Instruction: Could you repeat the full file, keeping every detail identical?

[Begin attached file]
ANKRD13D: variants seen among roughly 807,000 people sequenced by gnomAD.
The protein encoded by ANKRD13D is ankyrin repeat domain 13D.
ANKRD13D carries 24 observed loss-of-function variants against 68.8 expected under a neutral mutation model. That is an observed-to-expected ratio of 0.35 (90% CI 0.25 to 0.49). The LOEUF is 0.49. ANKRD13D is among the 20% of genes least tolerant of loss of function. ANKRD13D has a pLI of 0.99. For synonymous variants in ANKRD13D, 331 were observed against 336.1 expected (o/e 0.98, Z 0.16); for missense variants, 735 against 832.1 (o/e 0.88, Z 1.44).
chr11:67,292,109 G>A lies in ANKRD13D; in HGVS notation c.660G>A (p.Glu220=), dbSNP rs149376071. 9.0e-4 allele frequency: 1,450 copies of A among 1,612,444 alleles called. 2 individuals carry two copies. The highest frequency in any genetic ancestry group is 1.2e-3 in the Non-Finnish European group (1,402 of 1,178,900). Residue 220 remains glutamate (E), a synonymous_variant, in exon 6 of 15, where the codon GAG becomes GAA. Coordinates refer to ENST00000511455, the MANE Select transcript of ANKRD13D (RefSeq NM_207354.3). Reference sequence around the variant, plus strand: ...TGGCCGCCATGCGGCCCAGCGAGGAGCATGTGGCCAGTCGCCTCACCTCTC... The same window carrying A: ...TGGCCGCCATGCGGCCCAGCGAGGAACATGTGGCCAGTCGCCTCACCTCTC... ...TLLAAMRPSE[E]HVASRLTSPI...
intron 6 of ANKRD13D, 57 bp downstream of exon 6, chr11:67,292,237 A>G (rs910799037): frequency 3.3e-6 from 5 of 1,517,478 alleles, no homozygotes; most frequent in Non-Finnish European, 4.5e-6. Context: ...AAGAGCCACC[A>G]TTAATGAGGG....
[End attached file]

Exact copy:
ANKRD13D: variants seen among roughly 807,000 people sequenced by gnomAD.
The protein encoded by ANKRD13D is ankyrin repeat domain 13D.
ANKRD13D carries 24 observed loss-of-function variants against 68.8 expected under a neutral mutation model. That is an observed-to-expected ratio of 0.35 (90% CI 0.25 to 0.49). The LOEUF is 0.49. ANKRD13D is among the 20% of genes least tolerant of loss of function. ANKRD13D has a pLI of 0.99. For synonymous variants in ANKRD13D, 331 were observed against 336.1 expected (o/e 0.98, Z 0.16); for missense variants, 735 against 832.1 (o/e 0.88, Z 1.44).
chr11:67,292,109 G>A lies in ANKRD13D; in HGVS notation c.660G>A (p.Glu220=), dbSNP rs149376071. 9.0e-4 allele frequency: 1,450 copies of A among 1,612,444 alleles called. 2 individuals carry two copies. The highest frequency in any genetic ancestry group is 1.2e-3 in the Non-Finnish European group (1,402 of 1,178,900). Residue 220 remains glutamate (E), a synonymous_variant, in exon 6 of 15, where the codon GAG becomes GAA. Coordinates refer to ENST00000511455, the MANE Select transcript of ANKRD13D (RefSeq NM_207354.3). Reference sequence around the variant, plus strand: ...TGGCCGCCATGCGGCCCAGCGAGGAGCATGTGGCCAGTCGCCTCACCTCTC... The same window carrying A: ...TGGCCGCCATGCGGCCCAGCGAGGAACATGTGGCCAGTCGCCTCACCTCTC... ...TLLAAMRPSE[E]HVASRLTSPI...
intron 6 of ANKRD13D, 57 bp downstream of exon 6, chr11:67,292,237 A>G (rs910799037): frequency 3.3e-6 from 5 of 1,517,478 alleles, no homozygotes; most frequent in Non-Finnish European, 4.5e-6. Context: ...AAGAGCCACC[A>G]TTAATGAGGG....